From a time beyond my own, it stems from the Yoruba tribe in West Africa, Regla de Ocha is commonly misinterpreted as a blend between two religions—Catholicism and the Yoruba tribal ceremonies— but it exists as something else entirely. It is a religious syncretism, creating a parallel, an alignment in the obtuse patterns of mysticism. After being forced to convert to Catholicism, many of the slaves kept their own traditions and rituals, attributing its similarities to the Catholic faith. Practiced in secret, Regla de Ocha was passed down through the tongues of those most persecuted, using the steady beat of the sacred batá drum to plant the roots of their religion that traveled all the way across the Atlantic to Bayamo, Cuba.  

     My abuela’s sister first introduced her family to Regla de Ocha back in Havana. The youngest of ten children, it must have been quite a game, matching each Anreus sibling with their Orisha counterpart. Finding one’s Orisha is not just based off of similar personality, but about capturing someone’s aura, their spiritual energy. It is about an individual’s connection with the universe, highlighting one’s inner truth and recognizing it as a larger sense of purpose. My great-aunt’s Orisha is Oyá. The warrior and protector of the dead. She guards the cemetery. The female counterpart to Changó, and the only Orisha who can control him. Full of sadness, death follows her everywhere. Her magic number is nine, for the number of still-births she’s had. She finds solace in few things, one of them being chocolate pudding.

    When I visited my abuela at the nursing home during the last several months of her life we developed a routine. I would rub Shea butter all over her hands and face, fold up and feed her an extra piece of Wrigley’s Freedent gum, and take off the garish nail polish the aids painted on a weekly basis— hot pink, fire engine red, burgundy, colors my abuela would claim were, colores de putas. When I cleaned her nails she wouldn't speak to me, she would just surrender each finger one by one. I clipped, filed, and buffed; scraped out the dirt and old food building between the edge of nail and skin. Then, I would coat each one with a glob of clear polish, exactly how she liked it. Her nails were shaped exactly like mine.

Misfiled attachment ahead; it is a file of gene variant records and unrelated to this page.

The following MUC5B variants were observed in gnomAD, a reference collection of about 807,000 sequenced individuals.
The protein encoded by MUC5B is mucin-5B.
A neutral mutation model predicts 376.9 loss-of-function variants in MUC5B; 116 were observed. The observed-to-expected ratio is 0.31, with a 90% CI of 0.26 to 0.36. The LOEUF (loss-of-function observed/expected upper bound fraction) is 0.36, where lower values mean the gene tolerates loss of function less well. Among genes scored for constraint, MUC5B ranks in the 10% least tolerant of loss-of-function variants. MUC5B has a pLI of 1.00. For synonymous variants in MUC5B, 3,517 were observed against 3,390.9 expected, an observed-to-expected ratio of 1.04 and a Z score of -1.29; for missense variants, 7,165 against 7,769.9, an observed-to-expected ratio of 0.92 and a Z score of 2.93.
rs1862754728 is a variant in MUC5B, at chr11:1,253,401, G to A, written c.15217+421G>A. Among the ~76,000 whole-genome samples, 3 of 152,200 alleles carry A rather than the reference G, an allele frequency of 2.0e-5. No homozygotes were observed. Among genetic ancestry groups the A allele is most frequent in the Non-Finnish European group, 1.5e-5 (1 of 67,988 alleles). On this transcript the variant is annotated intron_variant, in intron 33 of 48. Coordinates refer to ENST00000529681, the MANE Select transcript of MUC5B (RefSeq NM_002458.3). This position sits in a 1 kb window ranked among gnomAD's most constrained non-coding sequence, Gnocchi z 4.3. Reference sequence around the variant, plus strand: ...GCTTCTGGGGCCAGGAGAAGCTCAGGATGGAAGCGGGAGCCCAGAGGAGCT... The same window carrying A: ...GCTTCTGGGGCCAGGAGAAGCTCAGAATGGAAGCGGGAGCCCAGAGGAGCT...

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Breadcrumb #482

KRYS MALCOLM BELC

Every few weeks you shave my head in the bathtub. I sit naked on the wood stool and you stand behind me, cutting so close to my head I look bald in certain lights. The moment after one of your haircuts is the closest I come to religion. In the damp bathroom church I step out of the tub covered in discarded hair and trim my beard in the sink mirror before showering. Samson has been growing out his hair for over a year. For months his bangs have fallen in his eyes and he wears pins clips ties headbands and sweatbands but still wild blond pokes through and through. Samson says he will never have a beard but also says he likes mine. He rubs his hands along my face and calls me beautiful because that is the word I always use for him. His name feels fuller in my mouth now that I worry one day he won’t want it. Samson. I tell you it makes me anxious to think about how different he is from most boys, from our other boys, and you say Well, that’s on you. It is my job to be ok with what I made. He is sweet and soft in a way I’m terrified of crushing. In his little white drawers dresses stack on leggings stack on jeans. There are bracelets and LEGO creations scattered on his windowsill. You wonder if Sean would have needed his leg braces, if he would need speech therapy, had anyone else made him. Sean looks just like your mother. He is skeptical of me just like she was. But what good is the wondering, we know. We know it does not help our children who are alive, so alive, in front of us right now. They are us and they are their donor but mostly they are themselves.

His name feels fuller in my mouth now that I worry one day he won’t want it. Samson.